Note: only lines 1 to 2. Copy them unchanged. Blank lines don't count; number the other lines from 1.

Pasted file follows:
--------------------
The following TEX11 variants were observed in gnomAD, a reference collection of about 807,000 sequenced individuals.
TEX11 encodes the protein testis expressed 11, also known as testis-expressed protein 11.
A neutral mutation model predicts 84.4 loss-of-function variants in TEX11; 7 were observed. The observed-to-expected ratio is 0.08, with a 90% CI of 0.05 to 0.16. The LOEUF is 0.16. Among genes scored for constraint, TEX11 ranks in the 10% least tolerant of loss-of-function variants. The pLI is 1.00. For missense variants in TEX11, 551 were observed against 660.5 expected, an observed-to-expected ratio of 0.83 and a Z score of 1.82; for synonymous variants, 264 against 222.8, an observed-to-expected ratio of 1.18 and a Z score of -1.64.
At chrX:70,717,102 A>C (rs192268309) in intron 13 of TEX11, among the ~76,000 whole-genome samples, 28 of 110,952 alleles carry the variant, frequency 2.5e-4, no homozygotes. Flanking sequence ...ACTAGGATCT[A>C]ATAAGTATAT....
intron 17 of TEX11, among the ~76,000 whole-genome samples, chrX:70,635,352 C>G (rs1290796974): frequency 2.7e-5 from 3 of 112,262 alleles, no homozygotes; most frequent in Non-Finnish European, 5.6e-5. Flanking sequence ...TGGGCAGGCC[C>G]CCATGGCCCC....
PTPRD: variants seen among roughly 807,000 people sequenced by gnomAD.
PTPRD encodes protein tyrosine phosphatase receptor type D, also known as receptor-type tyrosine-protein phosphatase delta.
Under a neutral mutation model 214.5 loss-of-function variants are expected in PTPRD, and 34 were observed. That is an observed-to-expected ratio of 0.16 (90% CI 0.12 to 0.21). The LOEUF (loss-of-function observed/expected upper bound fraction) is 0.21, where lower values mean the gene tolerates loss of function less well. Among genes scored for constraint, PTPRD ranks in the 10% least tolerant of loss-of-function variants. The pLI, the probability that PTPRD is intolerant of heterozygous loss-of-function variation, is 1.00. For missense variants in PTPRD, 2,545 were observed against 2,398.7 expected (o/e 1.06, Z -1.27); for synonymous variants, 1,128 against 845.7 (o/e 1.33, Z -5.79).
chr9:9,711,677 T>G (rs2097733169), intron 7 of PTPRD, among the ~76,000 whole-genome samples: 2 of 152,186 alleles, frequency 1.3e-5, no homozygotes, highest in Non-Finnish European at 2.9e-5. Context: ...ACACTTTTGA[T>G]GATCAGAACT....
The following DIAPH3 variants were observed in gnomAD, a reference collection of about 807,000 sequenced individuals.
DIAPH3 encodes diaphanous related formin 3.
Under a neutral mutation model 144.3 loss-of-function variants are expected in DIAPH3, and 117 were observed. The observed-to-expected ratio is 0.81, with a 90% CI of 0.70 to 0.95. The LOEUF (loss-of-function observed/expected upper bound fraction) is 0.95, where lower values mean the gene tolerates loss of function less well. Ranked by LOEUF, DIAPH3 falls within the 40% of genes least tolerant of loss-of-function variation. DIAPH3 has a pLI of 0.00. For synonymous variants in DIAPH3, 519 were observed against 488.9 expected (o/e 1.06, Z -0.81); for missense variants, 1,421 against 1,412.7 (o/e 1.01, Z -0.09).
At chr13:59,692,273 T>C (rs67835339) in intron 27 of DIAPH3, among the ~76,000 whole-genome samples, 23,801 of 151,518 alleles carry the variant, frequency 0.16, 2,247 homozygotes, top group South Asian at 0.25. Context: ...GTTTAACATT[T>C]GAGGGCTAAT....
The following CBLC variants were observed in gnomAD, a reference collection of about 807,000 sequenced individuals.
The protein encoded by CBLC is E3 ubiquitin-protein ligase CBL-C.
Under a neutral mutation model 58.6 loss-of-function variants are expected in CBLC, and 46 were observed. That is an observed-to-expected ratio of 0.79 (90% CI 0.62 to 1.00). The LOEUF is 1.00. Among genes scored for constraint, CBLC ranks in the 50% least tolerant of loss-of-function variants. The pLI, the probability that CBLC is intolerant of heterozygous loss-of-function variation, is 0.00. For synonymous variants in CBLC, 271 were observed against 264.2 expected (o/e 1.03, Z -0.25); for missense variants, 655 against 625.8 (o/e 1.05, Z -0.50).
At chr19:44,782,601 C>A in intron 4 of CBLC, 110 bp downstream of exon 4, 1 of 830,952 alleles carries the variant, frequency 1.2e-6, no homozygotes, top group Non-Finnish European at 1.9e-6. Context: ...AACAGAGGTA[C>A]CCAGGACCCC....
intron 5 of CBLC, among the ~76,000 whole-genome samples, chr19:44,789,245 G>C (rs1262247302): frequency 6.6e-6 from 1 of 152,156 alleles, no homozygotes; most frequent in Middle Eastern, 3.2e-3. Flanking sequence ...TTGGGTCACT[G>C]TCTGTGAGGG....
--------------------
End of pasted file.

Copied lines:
The following TEX11 variants were observed in gnomAD, a reference collection of about 807,000 sequenced individuals.
TEX11 encodes the protein testis expressed 11, also known as testis-expressed protein 11.